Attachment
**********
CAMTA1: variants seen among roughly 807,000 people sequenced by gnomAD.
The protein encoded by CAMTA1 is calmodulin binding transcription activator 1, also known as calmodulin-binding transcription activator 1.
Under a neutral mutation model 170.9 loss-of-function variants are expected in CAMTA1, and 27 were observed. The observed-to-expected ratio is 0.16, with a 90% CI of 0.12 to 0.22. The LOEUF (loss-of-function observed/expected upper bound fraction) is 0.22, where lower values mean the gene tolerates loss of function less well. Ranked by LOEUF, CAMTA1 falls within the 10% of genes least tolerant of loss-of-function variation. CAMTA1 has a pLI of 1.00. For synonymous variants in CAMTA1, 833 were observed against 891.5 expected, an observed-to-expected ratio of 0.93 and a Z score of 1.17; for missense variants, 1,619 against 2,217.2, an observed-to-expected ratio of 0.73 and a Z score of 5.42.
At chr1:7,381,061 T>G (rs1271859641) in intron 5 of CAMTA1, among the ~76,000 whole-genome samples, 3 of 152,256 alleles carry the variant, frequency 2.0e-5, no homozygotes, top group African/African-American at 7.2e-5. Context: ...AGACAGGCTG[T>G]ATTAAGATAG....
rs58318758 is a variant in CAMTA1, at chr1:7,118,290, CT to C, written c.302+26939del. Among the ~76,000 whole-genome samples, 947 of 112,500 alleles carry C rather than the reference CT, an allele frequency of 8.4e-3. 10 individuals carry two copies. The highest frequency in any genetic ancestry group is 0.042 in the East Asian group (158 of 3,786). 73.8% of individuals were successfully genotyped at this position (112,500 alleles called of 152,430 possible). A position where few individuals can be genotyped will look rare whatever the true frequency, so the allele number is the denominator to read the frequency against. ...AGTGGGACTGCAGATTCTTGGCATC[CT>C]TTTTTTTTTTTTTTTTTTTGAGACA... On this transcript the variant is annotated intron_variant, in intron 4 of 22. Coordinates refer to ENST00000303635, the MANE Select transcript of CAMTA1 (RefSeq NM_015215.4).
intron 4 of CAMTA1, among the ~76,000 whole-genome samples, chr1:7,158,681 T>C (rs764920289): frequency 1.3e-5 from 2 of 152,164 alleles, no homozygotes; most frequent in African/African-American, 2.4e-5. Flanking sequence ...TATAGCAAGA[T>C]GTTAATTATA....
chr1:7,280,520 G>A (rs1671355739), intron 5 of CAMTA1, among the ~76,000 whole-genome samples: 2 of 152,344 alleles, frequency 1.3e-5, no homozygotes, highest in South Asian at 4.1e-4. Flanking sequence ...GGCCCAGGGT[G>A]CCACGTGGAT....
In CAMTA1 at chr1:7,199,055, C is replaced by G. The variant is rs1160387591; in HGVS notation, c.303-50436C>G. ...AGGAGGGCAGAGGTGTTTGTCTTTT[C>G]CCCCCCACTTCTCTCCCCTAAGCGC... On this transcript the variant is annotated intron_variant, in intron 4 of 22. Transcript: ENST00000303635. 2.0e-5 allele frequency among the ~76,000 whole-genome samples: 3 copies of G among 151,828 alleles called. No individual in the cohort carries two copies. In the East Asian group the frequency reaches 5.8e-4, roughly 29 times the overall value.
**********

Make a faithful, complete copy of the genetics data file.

CAMTA1: variants seen among roughly 807,000 people sequenced by gnomAD.
The protein encoded by CAMTA1 is calmodulin binding transcription activator 1, also known as calmodulin-binding transcription activator 1.
Under a neutral mutation model 170.9 loss-of-function variants are expected in CAMTA1, and 27 were observed. The observed-to-expected ratio is 0.16, with a 90% CI of 0.12 to 0.22. The LOEUF (loss-of-function observed/expected upper bound fraction) is 0.22, where lower values mean the gene tolerates loss of function less well. Ranked by LOEUF, CAMTA1 falls within the 10% of genes least tolerant of loss-of-function variation. CAMTA1 has a pLI of 1.00. For synonymous variants in CAMTA1, 833 were observed against 891.5 expected, an observed-to-expected ratio of 0.93 and a Z score of 1.17; for missense variants, 1,619 against 2,217.2, an observed-to-expected ratio of 0.73 and a Z score of 5.42.
At chr1:7,381,061 T>G (rs1271859641) in intron 5 of CAMTA1, among the ~76,000 whole-genome samples, 3 of 152,256 alleles carry the variant, frequency 2.0e-5, no homozygotes, top group African/African-American at 7.2e-5. Context: ...AGACAGGCTG[T>G]ATTAAGATAG....
rs58318758 is a variant in CAMTA1, at chr1:7,118,290, CT to C, written c.302+26939del. Among the ~76,000 whole-genome samples, 947 of 112,500 alleles carry C rather than the reference CT, an allele frequency of 8.4e-3. 10 individuals carry two copies. The highest frequency in any genetic ancestry group is 0.042 in the East Asian group (158 of 3,786). 73.8% of individuals were successfully genotyped at this position (112,500 alleles called of 152,430 possible). A position where few individuals can be genotyped will look rare whatever the true frequency, so the allele number is the denominator to read the frequency against. ...AGTGGGACTGCAGATTCTTGGCATC[CT>C]TTTTTTTTTTTTTTTTTTTGAGACA... On this transcript the variant is annotated intron_variant, in intron 4 of 22. Coordinates refer to ENST00000303635, the MANE Select transcript of CAMTA1 (RefSeq NM_015215.4).
intron 4 of CAMTA1, among the ~76,000 whole-genome samples, chr1:7,158,681 T>C (rs764920289): frequency 1.3e-5 from 2 of 152,164 alleles, no homozygotes; most frequent in African/African-American, 2.4e-5. Flanking sequence ...TATAGCAAGA[T>C]GTTAATTATA....
chr1:7,280,520 G>A (rs1671355739), intron 5 of CAMTA1, among the ~76,000 whole-genome samples: 2 of 152,344 alleles, frequency 1.3e-5, no homozygotes, highest in South Asian at 4.1e-4. Flanking sequence ...GGCCCAGGGT[G>A]CCACGTGGAT....
In CAMTA1 at chr1:7,199,055, C is replaced by G. The variant is rs1160387591; in HGVS notation, c.303-50436C>G. ...AGGAGGGCAGAGGTGTTTGTCTTTT[C>G]CCCCCCACTTCTCTCCCCTAAGCGC... On this transcript the variant is annotated intron_variant, in intron 4 of 22. Transcript: ENST00000303635. 2.0e-5 allele frequency among the ~76,000 whole-genome samples: 3 copies of G among 151,828 alleles called. No individual in the cohort carries two copies. In the East Asian group the frequency reaches 5.8e-4, roughly 29 times the overall value.